South Dakota's old governor's mansion was once home to 16 governors and witnessed the flurry and excitement of state events.
On Thursday morning, the aging building welcomed another flurry: dozens of people who came to Rapid Valley to watch it sell at auction.
While dozens of onlookers showed up, only a handful of bids were actually offered for the home that was moved from Pierre to its current site on Anderson Road. By the auction's end, it sold for a price lower than the bank that owns it originally wanted.
The people who flocked to Rapid Valley came to see for themselves the mansion's numbers: 18 rooms, 7,000 square feet, six grand bedrooms, four dining and entertainment rooms.
Originally built in 1936 in the state capital, it now sits on a hill with a view of the rooftops of Rapid City. There's the official state seal on the entrance cover in front and a 'Welcome to South Dakota' historical information sign in the garden nearby.
The mansion, with its Stonehenge replica and pond, drew onlookers to its six bedrooms and various meeting rooms, decorated in hues of red, green and peach.
It's a great place, many visitors agreed. But what could anyone use it for?
"The biggest downfall of it is the location," said Alice Brown, who drove from New Underwood.
"We love the place, we drive by here on our bikes, we've been in it," said Jeanne Hirsch, 79.
"But what are you going to do with it?" said her husband Richard, 79.
Jeanne thought a bed and breakfast would work, if some of the bathrooms were re-arranged.
As Stan Edwards, 74, walked through the mansion's first-floor rooms and peeked around,he agreed. He thought it could serve that role on public land, some place where the building's historical significance would resonate.
"Honestly, I really do think it should be in Custer State Park," said Edwards, who lives nearby. "I just don't think Mr. Brodie saw the potential."
Whatever Leon Brodie saw, he probably didn't think it would end up like this. Brodie, a retired Rapid City dentist, bought the mansion in 2006 and had it shipped from Pierre in four sections.
He bought the mansion for $40,000, spent another $400,000 to move it from Pierre. Then he spent as much as $3 million more to pour a new foundation, renovate and restore the building and landscape the 17.5 acre lot it now sits on.
Things went well at first, as he converted the former statehouse into a place for weddings and events. Several former governors and their families even came for reunions and wedding anniversaries.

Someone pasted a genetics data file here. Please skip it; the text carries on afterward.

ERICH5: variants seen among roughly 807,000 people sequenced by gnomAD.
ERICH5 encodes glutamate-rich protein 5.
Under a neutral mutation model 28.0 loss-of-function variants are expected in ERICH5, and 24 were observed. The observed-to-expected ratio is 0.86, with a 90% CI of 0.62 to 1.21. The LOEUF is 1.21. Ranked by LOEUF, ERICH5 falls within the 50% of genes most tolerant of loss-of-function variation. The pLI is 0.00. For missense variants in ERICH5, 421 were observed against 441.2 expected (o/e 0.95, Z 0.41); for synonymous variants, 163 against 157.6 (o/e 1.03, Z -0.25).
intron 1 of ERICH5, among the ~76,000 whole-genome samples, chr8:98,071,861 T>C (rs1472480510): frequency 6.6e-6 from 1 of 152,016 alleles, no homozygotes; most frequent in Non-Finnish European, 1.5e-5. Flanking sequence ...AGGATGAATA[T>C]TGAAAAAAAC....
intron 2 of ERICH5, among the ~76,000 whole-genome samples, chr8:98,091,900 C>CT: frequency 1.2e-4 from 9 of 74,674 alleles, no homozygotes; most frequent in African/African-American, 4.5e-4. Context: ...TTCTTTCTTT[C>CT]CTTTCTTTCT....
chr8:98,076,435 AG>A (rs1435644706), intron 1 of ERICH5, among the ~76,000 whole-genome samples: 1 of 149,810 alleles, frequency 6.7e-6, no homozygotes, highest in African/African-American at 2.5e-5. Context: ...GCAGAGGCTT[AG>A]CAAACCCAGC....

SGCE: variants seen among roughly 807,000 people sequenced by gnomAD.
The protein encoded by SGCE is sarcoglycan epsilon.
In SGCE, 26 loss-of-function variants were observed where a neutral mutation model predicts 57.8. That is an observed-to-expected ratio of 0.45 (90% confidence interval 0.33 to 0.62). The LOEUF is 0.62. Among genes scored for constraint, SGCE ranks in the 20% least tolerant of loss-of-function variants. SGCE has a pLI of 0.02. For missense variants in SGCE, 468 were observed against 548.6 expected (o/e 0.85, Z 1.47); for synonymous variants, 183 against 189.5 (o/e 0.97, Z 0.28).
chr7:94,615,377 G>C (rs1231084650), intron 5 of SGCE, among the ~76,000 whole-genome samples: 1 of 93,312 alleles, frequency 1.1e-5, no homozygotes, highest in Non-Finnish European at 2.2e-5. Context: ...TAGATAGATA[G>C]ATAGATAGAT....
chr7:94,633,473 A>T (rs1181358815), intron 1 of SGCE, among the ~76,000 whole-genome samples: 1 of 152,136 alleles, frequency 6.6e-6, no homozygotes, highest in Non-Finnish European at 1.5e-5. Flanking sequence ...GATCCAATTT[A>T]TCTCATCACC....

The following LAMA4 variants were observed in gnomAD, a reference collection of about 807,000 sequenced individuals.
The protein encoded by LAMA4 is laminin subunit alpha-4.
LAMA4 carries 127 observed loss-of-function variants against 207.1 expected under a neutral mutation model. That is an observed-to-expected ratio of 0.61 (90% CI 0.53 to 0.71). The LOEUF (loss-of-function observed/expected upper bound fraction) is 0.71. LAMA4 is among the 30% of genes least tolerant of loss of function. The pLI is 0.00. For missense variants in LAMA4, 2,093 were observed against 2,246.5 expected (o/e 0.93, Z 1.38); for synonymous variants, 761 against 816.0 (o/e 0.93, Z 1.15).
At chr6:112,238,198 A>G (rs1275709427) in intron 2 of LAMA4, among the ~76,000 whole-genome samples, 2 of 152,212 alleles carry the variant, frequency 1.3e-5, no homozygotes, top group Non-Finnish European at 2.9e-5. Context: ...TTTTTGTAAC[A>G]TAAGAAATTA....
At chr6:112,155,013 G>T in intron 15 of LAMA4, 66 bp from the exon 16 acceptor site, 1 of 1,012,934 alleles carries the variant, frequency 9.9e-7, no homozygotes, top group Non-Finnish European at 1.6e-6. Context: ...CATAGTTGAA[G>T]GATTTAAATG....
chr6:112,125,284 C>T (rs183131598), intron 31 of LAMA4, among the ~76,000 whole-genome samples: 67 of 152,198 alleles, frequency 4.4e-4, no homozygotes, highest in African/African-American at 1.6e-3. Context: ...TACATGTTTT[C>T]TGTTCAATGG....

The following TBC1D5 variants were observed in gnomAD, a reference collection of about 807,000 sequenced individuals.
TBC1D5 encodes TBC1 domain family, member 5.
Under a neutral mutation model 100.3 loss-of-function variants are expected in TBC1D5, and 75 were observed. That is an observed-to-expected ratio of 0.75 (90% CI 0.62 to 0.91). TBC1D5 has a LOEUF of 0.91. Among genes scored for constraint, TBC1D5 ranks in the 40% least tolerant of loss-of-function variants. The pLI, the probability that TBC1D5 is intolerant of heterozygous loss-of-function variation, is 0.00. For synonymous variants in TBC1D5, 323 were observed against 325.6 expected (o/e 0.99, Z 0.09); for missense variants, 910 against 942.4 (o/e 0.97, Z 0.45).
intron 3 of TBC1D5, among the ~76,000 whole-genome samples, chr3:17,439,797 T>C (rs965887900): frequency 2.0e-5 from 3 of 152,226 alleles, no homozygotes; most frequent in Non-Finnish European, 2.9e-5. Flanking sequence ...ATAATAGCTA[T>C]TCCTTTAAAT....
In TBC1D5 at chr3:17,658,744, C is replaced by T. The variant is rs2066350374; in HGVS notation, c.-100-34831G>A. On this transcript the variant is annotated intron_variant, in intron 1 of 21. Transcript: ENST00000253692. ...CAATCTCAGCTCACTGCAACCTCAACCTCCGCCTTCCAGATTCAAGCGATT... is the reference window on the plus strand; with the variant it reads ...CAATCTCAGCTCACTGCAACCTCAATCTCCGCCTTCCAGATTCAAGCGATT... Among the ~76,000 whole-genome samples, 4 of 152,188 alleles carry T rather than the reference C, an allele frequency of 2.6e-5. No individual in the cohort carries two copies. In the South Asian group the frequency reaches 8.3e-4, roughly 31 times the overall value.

Brodie told the Journal last month that dishonest employees brought the business down, though he never pursued legal actions against them. After the foreclosure, people came and took his furniture, personal belongings, home decor and governor memorabilia. By the time the bank foreclosed, Brodie owed $500,000 on the property. The ordeal drained his family's coffers and retirement funds, he said.
Now the mansion sits idle.
Some of it — the bedrooms, the interior paint — looks good.. But there are weeds outside growing through brick pavers, exterior paint is peeling off, carpets are stained and window screens are ripped.
Sturgis auctioneer Dave Wilson started the bidding at $600,000 only to have it fall to $375,000 before someone flashed a numbered bid card.
He paused the bidding at $400,000 and then resumed it, trying to coax more money out of the buyers: $425,000, $415,000, $411,000.
In the end, the high bid was $410,000, not much more than what it cost to carve it up and ship it from Pierre.
The price was below what Home Federal Bank wanted to sell it for, Wilson said. Wilson, at the new owner's request, declined to name the buyer or the final price.
But a man who identified himself only as Bill confirmed after the auction that he was the highest bidder. But because the high bid was lower than the minimum the bank wanted to accept, the high bidder had to negotiate a price with the bank to finalize the sale. The final price was not disclosed.
Bill, who lives in Arizona, said he's originally from South Dakota and has ranching interests in the region here.
"I got a big family," he said, adding: "We grew up here and so we're thinking about moving back."